The more properties that are on the market, the greater the
choice for buyers (yet more competition for house sellers), so lets look at how
many homes were for sale in Ashford now, compared to 12 months ago.

As you can see, there are some big differences between the property types in Ashford:


As for buying an Ashford property, searching for that dream
house can take time as you have to consider the needs of your spouse, children,
schooling, etc., what you can realistically afford and whether your current
location can accommodate you until you find that perfect Ashford home.

Don’t forget that upwards of 10% of homes do not make it to the portals, so don’t just rely on the internet to let you know what is coming on the market. I often hear of disappointed buyers who missed out because another buyer registered directly with the agent, whilst they simply relied on the portals.

When it comes to buying an Ashford home, and so you do not
make any decisions you will regret later on, taking your time is always the
more practical option. The amount of money that is involved in buying a home
and all the costs connected with it means that you should not rush into buying
or selling without due consideration.

74.3% of Ashford OAPs Own Their Home … and They Are Worth £1,408.3m

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That number is staggering isn’t it?

Of the 5,872 households in Ashford where the head of the household is 65 years or older, an astounding 4,363 (or 74.3%) of those are owned, equal to the national average of 74.1% – which sounds great; yet nothing could be further from the truth.

I see many Ashford pensioners who would like to move but cannot, as there is a scarcity of such properties for mature Ashford people to downsize into.

Due to their scarcity and high demand, Ashford bungalows on average fetch a 12% to 22% per square metre premium over two storey properties.  To add insult to injury, a recent NHBC reported that only 1% of new builds in the Country were bungalows (compared to 7% in the mid- 1990’s).

Ashford OAP’s are sitting on £1,408.3m of equity in these Ashford homes

In a survey conducted a couple of years ago by YouGov, they established that just over one third of homeowning people aged 65 and over in the Country were looking to downsize into a smaller home. Yet, the Torys over the last nine years have appeared to target all their attention on first-time buyers with ‘initiatives’ such as Starter Homes to safeguard the youngsters of the UK not becoming perpetual members of ‘Generation Rent’.   Equally though, this doesn’t address the long-lasting under-supply of suitable retirement housing essential to the needs of the Ashford’s steadily ageing population.  Lamentably, the Ashford’s housing stock is tragically unprepared for this demographic shift to the ‘overextended middle age’, and this has created a new ‘Generation Confined’ quandary where older people cannot move.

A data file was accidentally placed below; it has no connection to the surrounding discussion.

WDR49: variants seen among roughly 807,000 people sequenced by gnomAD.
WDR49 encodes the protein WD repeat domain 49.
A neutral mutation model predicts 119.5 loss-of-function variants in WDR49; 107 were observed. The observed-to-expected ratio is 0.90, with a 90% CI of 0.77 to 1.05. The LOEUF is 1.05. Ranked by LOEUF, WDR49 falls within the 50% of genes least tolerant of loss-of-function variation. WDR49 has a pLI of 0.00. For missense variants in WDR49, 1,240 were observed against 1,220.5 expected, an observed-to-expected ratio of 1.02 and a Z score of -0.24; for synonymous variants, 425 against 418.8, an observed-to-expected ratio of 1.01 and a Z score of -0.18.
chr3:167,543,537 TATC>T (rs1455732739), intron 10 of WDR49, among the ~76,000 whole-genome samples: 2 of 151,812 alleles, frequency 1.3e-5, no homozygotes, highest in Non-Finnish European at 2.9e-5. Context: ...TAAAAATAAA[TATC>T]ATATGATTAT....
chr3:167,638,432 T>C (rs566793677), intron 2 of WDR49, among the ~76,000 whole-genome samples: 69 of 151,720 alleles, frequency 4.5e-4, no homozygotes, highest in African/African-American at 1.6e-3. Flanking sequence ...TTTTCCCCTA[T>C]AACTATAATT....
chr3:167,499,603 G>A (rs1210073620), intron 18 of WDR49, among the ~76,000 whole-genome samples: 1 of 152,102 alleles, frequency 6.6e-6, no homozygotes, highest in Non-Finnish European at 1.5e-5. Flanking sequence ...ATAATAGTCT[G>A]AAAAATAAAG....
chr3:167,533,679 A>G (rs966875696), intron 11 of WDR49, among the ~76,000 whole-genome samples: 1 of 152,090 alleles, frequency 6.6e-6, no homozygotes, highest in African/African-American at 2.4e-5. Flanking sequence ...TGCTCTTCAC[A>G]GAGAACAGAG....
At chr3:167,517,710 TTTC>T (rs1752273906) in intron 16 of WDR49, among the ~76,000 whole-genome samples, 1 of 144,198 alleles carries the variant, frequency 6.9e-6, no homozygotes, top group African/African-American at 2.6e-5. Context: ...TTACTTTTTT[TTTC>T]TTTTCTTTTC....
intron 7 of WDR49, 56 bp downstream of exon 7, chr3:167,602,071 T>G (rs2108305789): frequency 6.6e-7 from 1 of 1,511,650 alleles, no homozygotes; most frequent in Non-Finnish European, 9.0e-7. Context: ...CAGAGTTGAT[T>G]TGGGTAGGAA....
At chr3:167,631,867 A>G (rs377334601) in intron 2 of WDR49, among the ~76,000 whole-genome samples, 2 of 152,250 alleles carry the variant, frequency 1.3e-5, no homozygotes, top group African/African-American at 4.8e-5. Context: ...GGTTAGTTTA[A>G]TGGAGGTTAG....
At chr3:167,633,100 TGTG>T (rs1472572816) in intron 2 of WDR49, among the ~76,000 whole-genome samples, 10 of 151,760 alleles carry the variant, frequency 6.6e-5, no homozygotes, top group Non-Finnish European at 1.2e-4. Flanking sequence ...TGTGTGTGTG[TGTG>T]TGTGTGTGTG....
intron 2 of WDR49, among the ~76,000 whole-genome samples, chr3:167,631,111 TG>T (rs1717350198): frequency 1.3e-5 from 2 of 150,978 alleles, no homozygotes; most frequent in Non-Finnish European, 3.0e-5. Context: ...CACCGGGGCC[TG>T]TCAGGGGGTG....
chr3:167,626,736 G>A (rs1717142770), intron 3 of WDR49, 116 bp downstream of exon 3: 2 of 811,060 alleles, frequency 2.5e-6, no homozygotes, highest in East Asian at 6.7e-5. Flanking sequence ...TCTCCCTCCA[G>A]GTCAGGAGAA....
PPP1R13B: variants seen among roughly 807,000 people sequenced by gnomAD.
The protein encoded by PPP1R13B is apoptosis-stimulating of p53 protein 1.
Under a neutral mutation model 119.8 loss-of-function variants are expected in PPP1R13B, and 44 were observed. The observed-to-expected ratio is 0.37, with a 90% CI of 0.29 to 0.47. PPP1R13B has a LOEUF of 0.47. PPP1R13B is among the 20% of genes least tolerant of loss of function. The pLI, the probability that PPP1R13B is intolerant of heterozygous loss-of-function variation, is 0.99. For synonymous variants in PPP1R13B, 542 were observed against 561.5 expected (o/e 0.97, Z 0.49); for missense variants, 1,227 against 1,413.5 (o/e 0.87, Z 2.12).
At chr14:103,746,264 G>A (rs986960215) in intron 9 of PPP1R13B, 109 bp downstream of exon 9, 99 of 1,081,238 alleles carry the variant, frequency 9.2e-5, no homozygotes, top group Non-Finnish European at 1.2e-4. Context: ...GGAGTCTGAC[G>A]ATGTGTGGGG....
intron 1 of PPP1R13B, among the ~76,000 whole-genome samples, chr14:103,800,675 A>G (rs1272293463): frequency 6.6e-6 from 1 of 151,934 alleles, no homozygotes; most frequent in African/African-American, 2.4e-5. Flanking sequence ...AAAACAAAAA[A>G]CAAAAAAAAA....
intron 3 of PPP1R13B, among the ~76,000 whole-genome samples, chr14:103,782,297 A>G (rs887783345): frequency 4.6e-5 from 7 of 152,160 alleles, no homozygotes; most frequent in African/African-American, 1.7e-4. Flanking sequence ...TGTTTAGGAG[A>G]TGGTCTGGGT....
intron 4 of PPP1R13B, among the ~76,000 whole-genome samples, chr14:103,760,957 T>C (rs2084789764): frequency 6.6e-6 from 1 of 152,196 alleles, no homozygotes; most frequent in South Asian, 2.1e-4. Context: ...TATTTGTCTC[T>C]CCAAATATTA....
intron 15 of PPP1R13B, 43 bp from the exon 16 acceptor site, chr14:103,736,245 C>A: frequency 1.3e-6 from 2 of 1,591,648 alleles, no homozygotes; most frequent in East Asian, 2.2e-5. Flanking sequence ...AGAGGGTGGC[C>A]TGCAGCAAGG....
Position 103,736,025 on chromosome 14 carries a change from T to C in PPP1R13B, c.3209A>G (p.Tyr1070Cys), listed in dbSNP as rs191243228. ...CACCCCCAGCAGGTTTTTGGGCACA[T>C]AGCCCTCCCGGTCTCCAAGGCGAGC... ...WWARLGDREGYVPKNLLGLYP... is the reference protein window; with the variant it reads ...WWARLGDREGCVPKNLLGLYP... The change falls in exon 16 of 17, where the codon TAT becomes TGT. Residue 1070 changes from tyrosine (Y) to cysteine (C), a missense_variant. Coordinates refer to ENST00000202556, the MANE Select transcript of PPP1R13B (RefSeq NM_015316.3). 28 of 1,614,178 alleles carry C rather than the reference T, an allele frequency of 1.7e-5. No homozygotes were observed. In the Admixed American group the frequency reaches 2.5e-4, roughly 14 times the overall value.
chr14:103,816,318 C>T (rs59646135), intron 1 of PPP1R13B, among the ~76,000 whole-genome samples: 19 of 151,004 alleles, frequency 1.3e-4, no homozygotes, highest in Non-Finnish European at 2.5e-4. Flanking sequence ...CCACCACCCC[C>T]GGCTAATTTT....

Also, those older Ashford retirees’ who currently live in the limited number of Ashford bungalows are finding it difficult to live on their own, as they are unable to leave their bungalow because of a lack of sheltered housing and ‘affordable’ care home places.

Thus older Ashford retirees can’t leave their Ashford bungalows, younger Ashford retirees in their larger 2 storey family houses can’t buy those Ashford bungalows (occupied by the older retirees) and those Ashford people in the 30’s and 40’s can’t buy those larger 2 storey family houses (occupied by the younger retirees) that they need for their growing families … it’s like everyone is waiting for everyone else because of a bottleneck at the top.

For those wanting to see the complete stats for Ashford as whole …


Ashford’s (and the rest of the UK’s) property prices have soared over the last 50 years because the number of properties built has not kept up with demand.  With restrictive planning regulations, migration, people living longer and excessive divorce rates (thus one family becoming two households) we need, as a Country, 240,000 properties to be built a year since the Millennium to just stand still.

At the turn of the Millennium, the Country was constructing on
average 180,000 to 190,000 households a year, that figure dropped in the five
years after the Credit Crunch to 135,000 and 145,000 households a year.  Although we built 217,000 last year, we still
have all those 19 years to make up for.

The answer …. allow more land for starter homes, bungalows and
sheltered accommodation because land prices are stifling the property market
as the large building firms are more likely to focus on traditional houses and
apartments than bungalows (because they make more money from them).

My thoughts for savvy Ashford property investors  – until the Government changes the planning rules to allow more land to be built on; bungalows, especially ones that need some TLC after someone has passed away are a great bet  – either for flipping or for a great rental return as more and more OAP’s will be renting in the decades to come…

Taylors Residential Lettings Limited, Company no. 6002742, Regd Office: Suite 1, Invicta Business Centre, Monument Way, Ashford TN24 0HB